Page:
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I am trying to make the link between faults and weaknesses (As defined by Common Weaknesses Enumeration, a MITRE project). The word "fault" is generally used in the reliability domain, to designate the cause of an error i.e., the cause of the deviation from a correct service delivered by a system to an incorrect service.

The word "weakness" is widely used in the cybersecurity community, however, its meaning is not always clear. From my readings, a weakness is defined as a mistake in software that, in proper conditions, could contribute to the introduction of vulnerabilities within that software. A vulnerability being the occurrence of a weakness in a system.

As I wrote, I am trying to put into relation these two concepts (faults and weaknesses), to create a relation between reliability and security. From my observations, it is fair to say that a weakness is caused by a fault. When you consider a weakness such as "incorrect privilege assignment", it is clear that this could happen only because of a bad development of your system, which can be classified as a development fault. In my opinion, if a development fault is not a weakness (i.e., cannot lead to any vulnerability), it means that the part of your system where the fault resides is not useful, hence could be removed.

My question is: are all development faults weaknesses? Else, do you have a concrete counterexample?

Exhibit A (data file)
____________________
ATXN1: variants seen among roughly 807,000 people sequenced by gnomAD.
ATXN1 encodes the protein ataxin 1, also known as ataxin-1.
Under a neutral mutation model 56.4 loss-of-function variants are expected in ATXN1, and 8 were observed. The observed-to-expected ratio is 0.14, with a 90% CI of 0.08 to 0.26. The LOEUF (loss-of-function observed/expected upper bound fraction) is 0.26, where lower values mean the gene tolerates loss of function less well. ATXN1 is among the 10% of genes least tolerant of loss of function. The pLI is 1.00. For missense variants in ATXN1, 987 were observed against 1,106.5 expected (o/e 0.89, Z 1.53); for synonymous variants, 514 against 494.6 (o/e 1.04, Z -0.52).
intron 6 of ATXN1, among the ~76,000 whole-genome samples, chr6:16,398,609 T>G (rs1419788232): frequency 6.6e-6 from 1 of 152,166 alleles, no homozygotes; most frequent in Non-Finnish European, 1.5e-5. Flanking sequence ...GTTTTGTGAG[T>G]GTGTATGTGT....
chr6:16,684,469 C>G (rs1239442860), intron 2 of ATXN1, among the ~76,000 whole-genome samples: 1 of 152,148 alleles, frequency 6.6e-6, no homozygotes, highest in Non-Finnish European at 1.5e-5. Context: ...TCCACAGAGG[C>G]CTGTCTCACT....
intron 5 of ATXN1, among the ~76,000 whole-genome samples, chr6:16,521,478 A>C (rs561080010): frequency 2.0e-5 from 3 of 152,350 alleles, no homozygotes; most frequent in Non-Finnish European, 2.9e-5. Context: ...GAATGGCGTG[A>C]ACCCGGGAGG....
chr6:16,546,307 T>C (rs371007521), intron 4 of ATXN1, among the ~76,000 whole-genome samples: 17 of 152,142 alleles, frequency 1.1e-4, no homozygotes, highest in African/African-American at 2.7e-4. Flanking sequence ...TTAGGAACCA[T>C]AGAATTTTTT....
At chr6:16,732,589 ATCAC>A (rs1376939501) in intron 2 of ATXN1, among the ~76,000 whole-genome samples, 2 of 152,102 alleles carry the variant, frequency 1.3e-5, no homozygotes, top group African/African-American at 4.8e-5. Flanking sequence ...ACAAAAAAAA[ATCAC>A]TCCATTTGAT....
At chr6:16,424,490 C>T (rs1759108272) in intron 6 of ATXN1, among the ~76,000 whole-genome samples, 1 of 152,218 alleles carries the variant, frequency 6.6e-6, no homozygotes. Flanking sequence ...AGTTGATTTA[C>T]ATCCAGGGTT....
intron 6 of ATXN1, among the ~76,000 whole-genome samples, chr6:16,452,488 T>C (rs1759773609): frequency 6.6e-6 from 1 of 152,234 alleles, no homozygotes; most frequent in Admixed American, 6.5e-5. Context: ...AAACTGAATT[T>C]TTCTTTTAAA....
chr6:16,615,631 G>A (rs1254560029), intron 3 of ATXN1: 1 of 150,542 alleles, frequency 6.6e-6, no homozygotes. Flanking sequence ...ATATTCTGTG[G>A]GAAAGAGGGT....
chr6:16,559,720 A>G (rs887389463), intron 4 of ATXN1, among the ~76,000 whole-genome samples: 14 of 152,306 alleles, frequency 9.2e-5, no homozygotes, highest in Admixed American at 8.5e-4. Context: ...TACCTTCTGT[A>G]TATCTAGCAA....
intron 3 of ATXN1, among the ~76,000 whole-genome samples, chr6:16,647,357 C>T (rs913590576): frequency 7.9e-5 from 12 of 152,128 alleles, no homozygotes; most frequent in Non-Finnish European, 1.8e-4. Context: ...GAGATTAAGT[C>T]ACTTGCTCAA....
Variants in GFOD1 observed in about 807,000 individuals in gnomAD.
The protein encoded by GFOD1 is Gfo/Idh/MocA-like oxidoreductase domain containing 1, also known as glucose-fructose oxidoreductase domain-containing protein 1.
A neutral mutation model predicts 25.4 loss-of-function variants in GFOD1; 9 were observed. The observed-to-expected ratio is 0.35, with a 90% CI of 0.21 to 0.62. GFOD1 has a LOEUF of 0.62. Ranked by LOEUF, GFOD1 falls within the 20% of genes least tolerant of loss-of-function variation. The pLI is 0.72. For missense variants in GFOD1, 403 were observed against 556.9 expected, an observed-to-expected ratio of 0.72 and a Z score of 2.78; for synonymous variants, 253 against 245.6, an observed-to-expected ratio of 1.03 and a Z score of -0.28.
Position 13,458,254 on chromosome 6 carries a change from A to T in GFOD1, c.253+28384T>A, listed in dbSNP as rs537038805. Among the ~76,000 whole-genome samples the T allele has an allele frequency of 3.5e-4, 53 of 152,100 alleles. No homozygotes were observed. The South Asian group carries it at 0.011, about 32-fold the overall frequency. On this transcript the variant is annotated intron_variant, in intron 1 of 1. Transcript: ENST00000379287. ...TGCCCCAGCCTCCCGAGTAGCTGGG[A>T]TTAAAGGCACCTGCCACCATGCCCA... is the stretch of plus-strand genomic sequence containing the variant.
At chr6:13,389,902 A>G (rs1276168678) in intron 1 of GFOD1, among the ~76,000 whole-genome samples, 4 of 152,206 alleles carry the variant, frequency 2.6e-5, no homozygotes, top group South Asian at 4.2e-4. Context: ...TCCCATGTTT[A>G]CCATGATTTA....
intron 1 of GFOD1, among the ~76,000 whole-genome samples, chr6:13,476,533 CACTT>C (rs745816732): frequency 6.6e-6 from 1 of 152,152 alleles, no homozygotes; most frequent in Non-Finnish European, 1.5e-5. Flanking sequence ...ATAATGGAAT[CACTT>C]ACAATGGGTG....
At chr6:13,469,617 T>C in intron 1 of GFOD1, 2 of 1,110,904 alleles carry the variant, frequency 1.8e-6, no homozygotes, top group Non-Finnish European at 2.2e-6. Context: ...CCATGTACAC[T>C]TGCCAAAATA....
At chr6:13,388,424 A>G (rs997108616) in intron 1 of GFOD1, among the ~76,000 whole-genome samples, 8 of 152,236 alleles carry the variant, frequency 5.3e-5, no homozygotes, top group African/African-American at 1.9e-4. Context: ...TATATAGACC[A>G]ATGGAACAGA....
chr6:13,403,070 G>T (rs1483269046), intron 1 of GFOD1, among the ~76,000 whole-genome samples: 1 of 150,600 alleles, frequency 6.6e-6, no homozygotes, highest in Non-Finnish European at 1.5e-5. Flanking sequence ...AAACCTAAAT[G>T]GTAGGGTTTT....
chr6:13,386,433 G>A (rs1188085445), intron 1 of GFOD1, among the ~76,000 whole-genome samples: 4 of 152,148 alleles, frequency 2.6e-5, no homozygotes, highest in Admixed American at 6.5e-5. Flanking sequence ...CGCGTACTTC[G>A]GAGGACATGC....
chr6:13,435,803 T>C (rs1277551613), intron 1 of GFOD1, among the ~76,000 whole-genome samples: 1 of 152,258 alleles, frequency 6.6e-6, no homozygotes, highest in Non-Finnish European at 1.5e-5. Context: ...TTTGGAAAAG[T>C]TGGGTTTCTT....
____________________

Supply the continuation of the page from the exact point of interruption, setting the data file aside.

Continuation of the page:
Thanks for your help.

  • I don't think these are standard terms. A weakness could easily mean any security measure which is not performing optimally, not necessarily a result of mistakes in software. It is used informally. There are other terms which have formal definitions, like incident, event, attack, threat, etc. – forest Dec 11 '18 at 9:26
  • The definition I gave you come from CVE and CWE. The word "weakness" is widely used in SP series (NIST standard for information security) and ISO27000 series. And many definitions in the glossary of these standards rely on the word "weakness". So this is a pretty standard term I would say. An incident, threat, attack ... are terms that are not directly related to my question. All are used to express and intentional or unintentional way to exploit a vulnerability (security speaking). edit: did not mean to offend you but it is strange that this word is "informal" when it is so broadly used. – Ecterion Dec 11 '18 at 9:30
  • My point is that there is no one meaning unless are asking how it is defined according to a specific standard. So yes, "weakness" is widely used in information security, but unless you specify a standard, it means many things. – forest Dec 11 '18 at 9:33
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    I get your point, I will precise the above text in that case. – Ecterion Dec 11 '18 at 9:36
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    Related: security.stackexchange.com/questions/192080/…. Also faults are a subset of weaknesses see here – Tom K. Dec 11 '18 at 12:44

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